NC Tractor and Farm Supply, Rutherfordton, North Carolina, handles Massey Ferguson compact TLBs. “The 23 is our biggest seller,” explains Phil Sheehan, general manager. “We can add a backhoe attachment to any of our machines. But the compact TLB already comes equipped with a backhoe.
"The unit has four-wheel drive and hydrostat: just pedal forward and pedal backward. The backhoe has a separate brake on the back as well."
The company sold 47 compact TBLs last year according to Sheehan, who adds that the machinery has uses all around the house, farm, or wherever it may be needed. “Whatever it is that people are using them for, they are getting hard to find this year. This, I suppose because they were so popular last year. The 1723 we had in inventory sold out. On job sites they are versatile.”
The equipment is small. These pieces of equipment can get around in places where the larger ones cannot. “I have had one on my farm and it has been a real lifesaver for me, helping with digging ditches, pulling trees up. Mine has a skid steer bucket on the front of course. This can be removed say if I needed to put some pallet forks on the front for a different job."
His model comes equipped with a metal hood as opposed to plastic. “If you crack your hood you could end up paying five or six hundred dollars to replace it. The Massey Ferguson is more durable in that area.”
When they deliver the customer's equipment to their home or business, NC Tractor will demonstrate how it's operated. After the first 50 hours of operation, the oil and filter must be changed. After that, service must be done at the 150-mile mark. The front ends of the machine have been made more durable. They handle more weight. As with others mentioned here, technology has been improved.
“This tractor-loader-backhoe runs on diesel fuel and it's really just a little workhorse. One attachment enables a grass mower to be used. I can say from personal experience and owning my own compact TBL that the main advantages include variety in functions, skillfulness, ease of use, durability – also the power these compact TBLs have."
Switching Equipment Is a Snap
John Deere's compact TBL has experienced changes in technology. What Joel Toates, sales manager with Carolina Lawn and Tractor, Inc. Taylors, SC finds especially useful is the thumb control that works on the bucket attachment.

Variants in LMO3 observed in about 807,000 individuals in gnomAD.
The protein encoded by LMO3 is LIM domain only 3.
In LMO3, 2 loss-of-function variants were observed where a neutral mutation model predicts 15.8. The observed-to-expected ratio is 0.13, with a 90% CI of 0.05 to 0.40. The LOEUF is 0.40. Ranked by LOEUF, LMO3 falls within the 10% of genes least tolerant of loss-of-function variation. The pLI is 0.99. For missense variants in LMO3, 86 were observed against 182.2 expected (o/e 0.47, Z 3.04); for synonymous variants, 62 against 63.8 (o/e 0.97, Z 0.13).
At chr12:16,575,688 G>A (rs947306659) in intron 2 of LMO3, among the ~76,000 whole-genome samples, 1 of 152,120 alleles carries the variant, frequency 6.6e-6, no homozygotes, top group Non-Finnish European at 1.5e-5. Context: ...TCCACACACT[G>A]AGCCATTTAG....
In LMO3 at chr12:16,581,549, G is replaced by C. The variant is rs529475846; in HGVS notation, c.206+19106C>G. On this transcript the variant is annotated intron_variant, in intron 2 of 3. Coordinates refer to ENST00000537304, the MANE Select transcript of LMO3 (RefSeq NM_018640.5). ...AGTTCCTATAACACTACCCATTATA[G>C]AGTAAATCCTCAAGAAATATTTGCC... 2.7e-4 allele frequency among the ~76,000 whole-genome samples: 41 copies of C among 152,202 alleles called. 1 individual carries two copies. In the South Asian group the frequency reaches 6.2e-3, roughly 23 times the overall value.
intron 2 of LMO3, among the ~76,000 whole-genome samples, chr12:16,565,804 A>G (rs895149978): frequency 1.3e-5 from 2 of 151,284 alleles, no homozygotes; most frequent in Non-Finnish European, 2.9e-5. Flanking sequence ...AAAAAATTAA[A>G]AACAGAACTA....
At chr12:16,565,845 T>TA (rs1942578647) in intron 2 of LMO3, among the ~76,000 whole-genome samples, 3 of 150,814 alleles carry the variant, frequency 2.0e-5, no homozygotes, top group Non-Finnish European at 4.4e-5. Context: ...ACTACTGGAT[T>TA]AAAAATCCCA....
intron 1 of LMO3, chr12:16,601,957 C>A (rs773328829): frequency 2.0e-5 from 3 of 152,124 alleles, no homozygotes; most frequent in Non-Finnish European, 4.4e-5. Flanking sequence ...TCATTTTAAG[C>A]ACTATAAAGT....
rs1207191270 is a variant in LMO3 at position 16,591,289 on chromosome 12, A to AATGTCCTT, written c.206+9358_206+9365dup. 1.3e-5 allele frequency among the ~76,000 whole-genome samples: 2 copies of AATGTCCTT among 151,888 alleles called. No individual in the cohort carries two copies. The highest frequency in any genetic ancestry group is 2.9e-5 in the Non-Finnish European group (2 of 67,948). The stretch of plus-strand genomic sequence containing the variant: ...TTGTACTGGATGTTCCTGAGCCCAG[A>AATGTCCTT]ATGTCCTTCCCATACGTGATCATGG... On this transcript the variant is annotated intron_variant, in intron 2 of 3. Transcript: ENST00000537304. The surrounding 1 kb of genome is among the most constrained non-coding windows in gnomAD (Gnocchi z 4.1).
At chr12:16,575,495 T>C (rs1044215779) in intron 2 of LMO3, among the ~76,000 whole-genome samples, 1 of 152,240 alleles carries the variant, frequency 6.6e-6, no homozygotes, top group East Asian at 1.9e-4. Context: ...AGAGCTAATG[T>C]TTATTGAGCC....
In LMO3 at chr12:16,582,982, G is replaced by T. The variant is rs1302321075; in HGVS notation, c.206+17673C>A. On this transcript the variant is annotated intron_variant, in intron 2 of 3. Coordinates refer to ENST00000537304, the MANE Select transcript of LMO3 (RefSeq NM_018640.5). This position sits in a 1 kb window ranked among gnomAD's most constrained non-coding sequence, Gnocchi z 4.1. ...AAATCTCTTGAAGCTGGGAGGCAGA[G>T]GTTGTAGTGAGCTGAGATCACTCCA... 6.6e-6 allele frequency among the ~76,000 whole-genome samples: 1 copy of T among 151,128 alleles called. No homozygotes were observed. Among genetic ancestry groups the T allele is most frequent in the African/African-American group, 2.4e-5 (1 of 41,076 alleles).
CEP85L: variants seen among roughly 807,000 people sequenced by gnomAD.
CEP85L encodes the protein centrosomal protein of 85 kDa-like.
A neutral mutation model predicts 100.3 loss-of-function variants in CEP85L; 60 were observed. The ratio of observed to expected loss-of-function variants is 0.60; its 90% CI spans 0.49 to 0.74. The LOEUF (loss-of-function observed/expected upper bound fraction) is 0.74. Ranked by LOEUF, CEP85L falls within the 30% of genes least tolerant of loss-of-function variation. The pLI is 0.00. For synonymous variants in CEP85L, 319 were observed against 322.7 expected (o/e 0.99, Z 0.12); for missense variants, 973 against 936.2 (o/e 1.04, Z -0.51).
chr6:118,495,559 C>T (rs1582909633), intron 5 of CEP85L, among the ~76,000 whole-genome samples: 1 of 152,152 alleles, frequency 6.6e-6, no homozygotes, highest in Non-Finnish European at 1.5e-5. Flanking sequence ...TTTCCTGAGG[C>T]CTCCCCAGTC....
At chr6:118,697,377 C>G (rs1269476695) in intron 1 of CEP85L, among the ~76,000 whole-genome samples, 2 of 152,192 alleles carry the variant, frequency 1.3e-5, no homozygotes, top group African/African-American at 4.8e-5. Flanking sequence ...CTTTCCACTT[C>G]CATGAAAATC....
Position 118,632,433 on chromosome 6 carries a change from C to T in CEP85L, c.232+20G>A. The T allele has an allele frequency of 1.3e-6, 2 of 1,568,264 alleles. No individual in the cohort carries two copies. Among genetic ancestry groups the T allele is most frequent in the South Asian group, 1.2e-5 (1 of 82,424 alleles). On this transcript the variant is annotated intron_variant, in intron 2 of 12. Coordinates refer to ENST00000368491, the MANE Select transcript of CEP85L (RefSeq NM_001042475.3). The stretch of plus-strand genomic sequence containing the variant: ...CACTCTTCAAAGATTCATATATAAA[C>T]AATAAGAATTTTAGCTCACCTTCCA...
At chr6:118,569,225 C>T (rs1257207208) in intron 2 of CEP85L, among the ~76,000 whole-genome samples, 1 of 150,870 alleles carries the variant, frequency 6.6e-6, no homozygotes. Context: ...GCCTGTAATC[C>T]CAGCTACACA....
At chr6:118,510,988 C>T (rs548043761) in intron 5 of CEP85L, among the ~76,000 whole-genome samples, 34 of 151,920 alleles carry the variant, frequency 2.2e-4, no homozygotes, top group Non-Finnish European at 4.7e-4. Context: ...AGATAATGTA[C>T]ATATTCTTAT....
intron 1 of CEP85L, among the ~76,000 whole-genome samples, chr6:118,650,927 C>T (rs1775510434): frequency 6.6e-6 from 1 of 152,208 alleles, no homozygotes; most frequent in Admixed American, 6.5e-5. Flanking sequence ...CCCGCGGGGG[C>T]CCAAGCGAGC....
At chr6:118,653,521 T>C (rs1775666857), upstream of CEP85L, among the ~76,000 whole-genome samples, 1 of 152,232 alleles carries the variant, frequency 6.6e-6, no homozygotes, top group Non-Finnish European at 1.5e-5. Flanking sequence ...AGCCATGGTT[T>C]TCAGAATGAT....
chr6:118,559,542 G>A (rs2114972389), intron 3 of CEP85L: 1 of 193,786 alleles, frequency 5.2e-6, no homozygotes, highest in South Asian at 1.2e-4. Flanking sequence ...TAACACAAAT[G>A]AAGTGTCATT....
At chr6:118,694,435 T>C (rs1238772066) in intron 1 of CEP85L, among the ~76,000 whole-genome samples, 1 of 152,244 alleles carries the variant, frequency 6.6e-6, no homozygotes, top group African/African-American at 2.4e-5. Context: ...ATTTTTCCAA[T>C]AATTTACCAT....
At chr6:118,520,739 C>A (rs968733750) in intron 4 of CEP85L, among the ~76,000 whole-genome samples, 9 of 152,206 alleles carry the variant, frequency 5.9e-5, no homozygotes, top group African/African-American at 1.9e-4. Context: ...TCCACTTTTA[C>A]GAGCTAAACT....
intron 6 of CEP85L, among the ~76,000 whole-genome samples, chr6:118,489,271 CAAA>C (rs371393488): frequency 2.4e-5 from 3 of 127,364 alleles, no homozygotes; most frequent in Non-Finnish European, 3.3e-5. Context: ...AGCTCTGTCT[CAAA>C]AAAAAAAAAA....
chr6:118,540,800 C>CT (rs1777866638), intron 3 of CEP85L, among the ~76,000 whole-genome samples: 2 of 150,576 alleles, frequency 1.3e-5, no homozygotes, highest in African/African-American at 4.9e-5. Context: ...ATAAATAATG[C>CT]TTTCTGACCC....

"In the last five years, there have also been lots of changes electronically on our units. On our TBLs the thumb control lets the bucket come down and grab hold of a pipe, tree trunk, or tree limb, etc. This is analogous to your forefinger and thumb coming together to grasp something.
“That's a feature that's been on big backhoes for awhile. But in the last two years that has come down to be a feature included on the compacts as well. What a tremendous help in being able to grab something and pull it up from the ground.”
Toates has sold John Deere equipment for 36 years. “Just to clarify differences in equipment, a skid steer loader and front end loaders will lift more weight than a compact TLB,” adds Toates. "But with the TLBs you still have a three-point hitch. This enables the attachment to be removed in some two to five minutes. With the loaders, the same thing applies. They come off very quickly as well."
Toates asserts that the chief reason someone would purchase a TBL is due to its versatility. This piece has the front end loader and a place for attachments such as a posthole digger. For site managers, this is especially varied-use machinery.
“If you need the three-point hitch to do other jobs, backhoe tasks, this can do those, as well as bush-hogging to clear wildly overgrown land. All the different options may make this a better fit for work on your job site much of the time.
“Somebody with an average level of coordination could grasp how it's used, pretty quickly,” adds Toates. “That is the compact tractor-loader-backhoe. And switching from backhoe to three-point hitch now takes a few minutes, compared to 20 years ago. At that time 30 minutes and at least two people were required for backhoe removal; now, it's one person in a matter of minutes.”